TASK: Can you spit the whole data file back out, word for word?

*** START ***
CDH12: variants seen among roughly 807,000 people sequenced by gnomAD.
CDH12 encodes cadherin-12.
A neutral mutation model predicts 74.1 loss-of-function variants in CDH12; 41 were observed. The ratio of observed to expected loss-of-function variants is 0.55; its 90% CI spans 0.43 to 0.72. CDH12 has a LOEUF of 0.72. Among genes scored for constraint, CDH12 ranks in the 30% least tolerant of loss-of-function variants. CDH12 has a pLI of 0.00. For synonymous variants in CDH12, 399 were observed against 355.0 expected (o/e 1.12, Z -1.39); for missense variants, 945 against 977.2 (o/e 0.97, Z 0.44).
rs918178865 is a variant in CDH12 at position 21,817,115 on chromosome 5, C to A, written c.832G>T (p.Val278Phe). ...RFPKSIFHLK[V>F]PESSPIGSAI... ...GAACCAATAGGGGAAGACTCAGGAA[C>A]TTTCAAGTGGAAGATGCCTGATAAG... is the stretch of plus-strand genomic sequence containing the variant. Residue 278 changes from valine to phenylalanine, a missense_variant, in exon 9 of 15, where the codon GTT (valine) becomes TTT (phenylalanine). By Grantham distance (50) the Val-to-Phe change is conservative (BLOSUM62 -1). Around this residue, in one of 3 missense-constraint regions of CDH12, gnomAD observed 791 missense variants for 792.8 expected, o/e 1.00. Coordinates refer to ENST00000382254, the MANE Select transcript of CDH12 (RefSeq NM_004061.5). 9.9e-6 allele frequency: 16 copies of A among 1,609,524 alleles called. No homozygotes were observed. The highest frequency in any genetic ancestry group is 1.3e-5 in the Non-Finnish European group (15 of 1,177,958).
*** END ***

CDH12: variants seen among roughly 807,000 people sequenced by gnomAD.
CDH12 encodes cadherin-12.
A neutral mutation model predicts 74.1 loss-of-function variants in CDH12; 41 were observed. The ratio of observed to expected loss-of-function variants is 0.55; its 90% CI spans 0.43 to 0.72. CDH12 has a LOEUF of 0.72. Among genes scored for constraint, CDH12 ranks in the 30% least tolerant of loss-of-function variants. CDH12 has a pLI of 0.00. For synonymous variants in CDH12, 399 were observed against 355.0 expected (o/e 1.12, Z -1.39); for missense variants, 945 against 977.2 (o/e 0.97, Z 0.44).
rs918178865 is a variant in CDH12 at position 21,817,115 on chromosome 5, C to A, written c.832G>T (p.Val278Phe). ...RFPKSIFHLK[V>F]PESSPIGSAI... ...GAACCAATAGGGGAAGACTCAGGAA[C>A]TTTCAAGTGGAAGATGCCTGATAAG... is the stretch of plus-strand genomic sequence containing the variant. Residue 278 changes from valine to phenylalanine, a missense_variant, in exon 9 of 15, where the codon GTT (valine) becomes TTT (phenylalanine). By Grantham distance (50) the Val-to-Phe change is conservative (BLOSUM62 -1). Around this residue, in one of 3 missense-constraint regions of CDH12, gnomAD observed 791 missense variants for 792.8 expected, o/e 1.00. Coordinates refer to ENST00000382254, the MANE Select transcript of CDH12 (RefSeq NM_004061.5). 9.9e-6 allele frequency: 16 copies of A among 1,609,524 alleles called. No homozygotes were observed. The highest frequency in any genetic ancestry group is 1.3e-5 in the Non-Finnish European group (15 of 1,177,958).